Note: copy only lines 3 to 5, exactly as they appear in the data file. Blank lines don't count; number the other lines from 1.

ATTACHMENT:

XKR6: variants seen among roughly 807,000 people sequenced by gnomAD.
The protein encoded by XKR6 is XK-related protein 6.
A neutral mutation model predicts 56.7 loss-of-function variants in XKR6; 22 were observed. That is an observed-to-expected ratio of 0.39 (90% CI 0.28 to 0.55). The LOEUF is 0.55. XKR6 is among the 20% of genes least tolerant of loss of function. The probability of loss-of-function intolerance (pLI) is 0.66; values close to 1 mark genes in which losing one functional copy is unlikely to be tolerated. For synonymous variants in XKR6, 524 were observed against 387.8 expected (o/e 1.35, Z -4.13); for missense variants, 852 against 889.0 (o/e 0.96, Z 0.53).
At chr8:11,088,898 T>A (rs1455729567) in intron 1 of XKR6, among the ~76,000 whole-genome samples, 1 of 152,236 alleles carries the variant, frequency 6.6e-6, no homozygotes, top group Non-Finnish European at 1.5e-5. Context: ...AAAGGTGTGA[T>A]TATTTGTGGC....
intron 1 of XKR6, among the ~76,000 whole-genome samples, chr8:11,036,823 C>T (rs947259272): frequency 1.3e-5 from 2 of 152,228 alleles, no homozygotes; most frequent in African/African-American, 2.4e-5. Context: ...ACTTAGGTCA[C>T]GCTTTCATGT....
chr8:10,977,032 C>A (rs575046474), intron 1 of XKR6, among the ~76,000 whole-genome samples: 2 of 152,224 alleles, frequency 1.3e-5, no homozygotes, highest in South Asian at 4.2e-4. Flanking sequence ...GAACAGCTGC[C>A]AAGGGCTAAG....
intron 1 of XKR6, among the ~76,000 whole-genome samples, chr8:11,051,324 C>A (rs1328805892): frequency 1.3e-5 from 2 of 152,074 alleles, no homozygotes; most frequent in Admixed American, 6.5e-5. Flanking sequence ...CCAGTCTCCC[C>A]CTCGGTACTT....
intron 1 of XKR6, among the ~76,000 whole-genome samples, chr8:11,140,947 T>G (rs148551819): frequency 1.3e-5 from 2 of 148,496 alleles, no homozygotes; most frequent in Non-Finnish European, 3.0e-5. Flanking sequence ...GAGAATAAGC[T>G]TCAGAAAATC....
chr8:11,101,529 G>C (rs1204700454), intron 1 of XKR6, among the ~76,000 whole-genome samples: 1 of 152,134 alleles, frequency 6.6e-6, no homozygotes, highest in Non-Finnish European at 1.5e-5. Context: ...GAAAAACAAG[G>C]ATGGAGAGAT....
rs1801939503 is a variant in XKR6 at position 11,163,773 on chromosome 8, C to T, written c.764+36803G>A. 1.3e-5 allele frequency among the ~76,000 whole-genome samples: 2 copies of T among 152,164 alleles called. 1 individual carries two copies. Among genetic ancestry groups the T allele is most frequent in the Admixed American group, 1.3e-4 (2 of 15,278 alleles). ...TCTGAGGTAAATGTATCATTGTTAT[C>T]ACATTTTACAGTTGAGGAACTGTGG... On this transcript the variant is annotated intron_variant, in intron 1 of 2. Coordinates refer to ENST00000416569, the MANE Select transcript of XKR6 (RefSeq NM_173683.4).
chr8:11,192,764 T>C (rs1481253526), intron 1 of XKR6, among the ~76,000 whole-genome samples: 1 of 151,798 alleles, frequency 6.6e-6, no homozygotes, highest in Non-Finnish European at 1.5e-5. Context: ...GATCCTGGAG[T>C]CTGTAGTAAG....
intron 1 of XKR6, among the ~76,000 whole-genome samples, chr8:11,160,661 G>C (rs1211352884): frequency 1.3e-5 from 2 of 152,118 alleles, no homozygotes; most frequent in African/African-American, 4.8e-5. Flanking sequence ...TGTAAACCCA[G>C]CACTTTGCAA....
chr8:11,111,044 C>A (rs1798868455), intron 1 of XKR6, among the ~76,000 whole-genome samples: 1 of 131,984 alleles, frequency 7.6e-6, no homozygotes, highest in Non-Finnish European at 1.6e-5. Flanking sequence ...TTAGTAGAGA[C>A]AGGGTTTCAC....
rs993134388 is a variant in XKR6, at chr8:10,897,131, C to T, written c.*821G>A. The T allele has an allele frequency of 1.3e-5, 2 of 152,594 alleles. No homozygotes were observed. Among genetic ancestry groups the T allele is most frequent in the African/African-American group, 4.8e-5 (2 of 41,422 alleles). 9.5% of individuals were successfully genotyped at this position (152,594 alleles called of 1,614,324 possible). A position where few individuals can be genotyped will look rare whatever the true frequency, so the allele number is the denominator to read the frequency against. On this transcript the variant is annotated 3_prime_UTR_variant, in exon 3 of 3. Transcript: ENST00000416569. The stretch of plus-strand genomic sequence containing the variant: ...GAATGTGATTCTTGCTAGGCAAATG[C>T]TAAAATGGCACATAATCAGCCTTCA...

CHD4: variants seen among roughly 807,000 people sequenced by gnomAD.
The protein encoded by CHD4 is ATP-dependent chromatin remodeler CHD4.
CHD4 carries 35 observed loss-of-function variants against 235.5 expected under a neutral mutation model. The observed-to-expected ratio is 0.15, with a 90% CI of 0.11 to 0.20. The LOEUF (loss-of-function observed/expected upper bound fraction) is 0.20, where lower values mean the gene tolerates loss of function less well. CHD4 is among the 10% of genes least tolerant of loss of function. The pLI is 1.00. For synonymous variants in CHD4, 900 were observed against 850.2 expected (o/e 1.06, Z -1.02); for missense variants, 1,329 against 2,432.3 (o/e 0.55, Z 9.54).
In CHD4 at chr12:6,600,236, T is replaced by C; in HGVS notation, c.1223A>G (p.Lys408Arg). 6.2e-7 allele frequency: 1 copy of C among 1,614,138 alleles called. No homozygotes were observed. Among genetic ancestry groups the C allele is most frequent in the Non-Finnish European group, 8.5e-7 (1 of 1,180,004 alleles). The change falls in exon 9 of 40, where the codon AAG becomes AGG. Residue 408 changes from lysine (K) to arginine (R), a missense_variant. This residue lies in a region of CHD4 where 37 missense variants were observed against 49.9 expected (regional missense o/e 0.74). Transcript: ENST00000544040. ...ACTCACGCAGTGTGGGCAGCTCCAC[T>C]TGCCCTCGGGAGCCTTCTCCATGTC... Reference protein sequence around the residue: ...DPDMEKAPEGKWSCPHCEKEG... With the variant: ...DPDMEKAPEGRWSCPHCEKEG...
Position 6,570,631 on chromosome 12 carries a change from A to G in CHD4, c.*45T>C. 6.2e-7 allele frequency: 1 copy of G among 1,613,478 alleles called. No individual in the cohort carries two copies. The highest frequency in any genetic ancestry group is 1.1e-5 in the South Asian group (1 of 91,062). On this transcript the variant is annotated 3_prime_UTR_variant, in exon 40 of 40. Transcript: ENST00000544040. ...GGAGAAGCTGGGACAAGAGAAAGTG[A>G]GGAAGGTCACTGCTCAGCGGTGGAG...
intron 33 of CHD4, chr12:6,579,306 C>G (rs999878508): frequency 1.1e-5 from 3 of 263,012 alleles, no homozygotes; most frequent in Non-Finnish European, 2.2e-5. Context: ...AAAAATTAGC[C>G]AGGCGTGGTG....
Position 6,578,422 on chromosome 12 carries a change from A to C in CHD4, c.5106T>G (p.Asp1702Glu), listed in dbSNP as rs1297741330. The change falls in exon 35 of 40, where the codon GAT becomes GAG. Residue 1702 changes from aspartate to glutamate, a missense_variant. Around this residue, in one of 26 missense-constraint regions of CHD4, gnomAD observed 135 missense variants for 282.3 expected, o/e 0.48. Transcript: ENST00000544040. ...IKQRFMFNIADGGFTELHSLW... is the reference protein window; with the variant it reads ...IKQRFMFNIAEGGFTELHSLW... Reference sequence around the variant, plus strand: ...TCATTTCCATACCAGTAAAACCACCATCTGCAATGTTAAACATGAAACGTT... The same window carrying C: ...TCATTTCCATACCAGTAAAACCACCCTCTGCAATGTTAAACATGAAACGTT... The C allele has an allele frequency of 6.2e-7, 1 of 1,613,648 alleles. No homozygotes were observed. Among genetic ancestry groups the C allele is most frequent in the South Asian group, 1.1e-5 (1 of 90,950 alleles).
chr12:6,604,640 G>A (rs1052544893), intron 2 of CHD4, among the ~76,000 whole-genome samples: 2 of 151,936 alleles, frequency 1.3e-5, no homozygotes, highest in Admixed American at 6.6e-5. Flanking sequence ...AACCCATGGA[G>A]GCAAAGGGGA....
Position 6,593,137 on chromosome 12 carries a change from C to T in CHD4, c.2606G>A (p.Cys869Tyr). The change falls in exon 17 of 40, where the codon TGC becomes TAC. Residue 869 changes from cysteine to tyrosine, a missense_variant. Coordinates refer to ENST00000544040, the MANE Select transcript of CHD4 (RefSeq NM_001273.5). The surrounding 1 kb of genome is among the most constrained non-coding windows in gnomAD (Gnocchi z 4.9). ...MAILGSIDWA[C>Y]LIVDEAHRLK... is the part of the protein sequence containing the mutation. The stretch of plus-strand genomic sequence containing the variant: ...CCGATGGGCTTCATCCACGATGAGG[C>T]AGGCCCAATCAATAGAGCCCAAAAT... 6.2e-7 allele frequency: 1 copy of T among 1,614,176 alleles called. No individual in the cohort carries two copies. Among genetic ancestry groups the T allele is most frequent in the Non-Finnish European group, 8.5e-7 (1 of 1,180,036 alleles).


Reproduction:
A neutral mutation model predicts 56.7 loss-of-function variants in XKR6; 22 were observed. That is an observed-to-expected ratio of 0.39 (90% CI 0.28 to 0.55). The LOEUF is 0.55. XKR6 is among the 20% of genes least tolerant of loss of function. The probability of loss-of-function intolerance (pLI) is 0.66; values close to 1 mark genes in which losing one functional copy is unlikely to be tolerated. For synonymous variants in XKR6, 524 were observed against 387.8 expected (o/e 1.35, Z -4.13); for missense variants, 852 against 889.0 (o/e 0.96, Z 0.53).
At chr8:11,088,898 T>A (rs1455729567) in intron 1 of XKR6, among the ~76,000 whole-genome samples, 1 of 152,236 alleles carries the variant, frequency 6.6e-6, no homozygotes, top group Non-Finnish European at 1.5e-5. Context: ...AAAGGTGTGA[T>A]TATTTGTGGC....
intron 1 of XKR6, among the ~76,000 whole-genome samples, chr8:11,036,823 C>T (rs947259272): frequency 1.3e-5 from 2 of 152,228 alleles, no homozygotes; most frequent in African/African-American, 2.4e-5. Context: ...ACTTAGGTCA[C>T]GCTTTCATGT....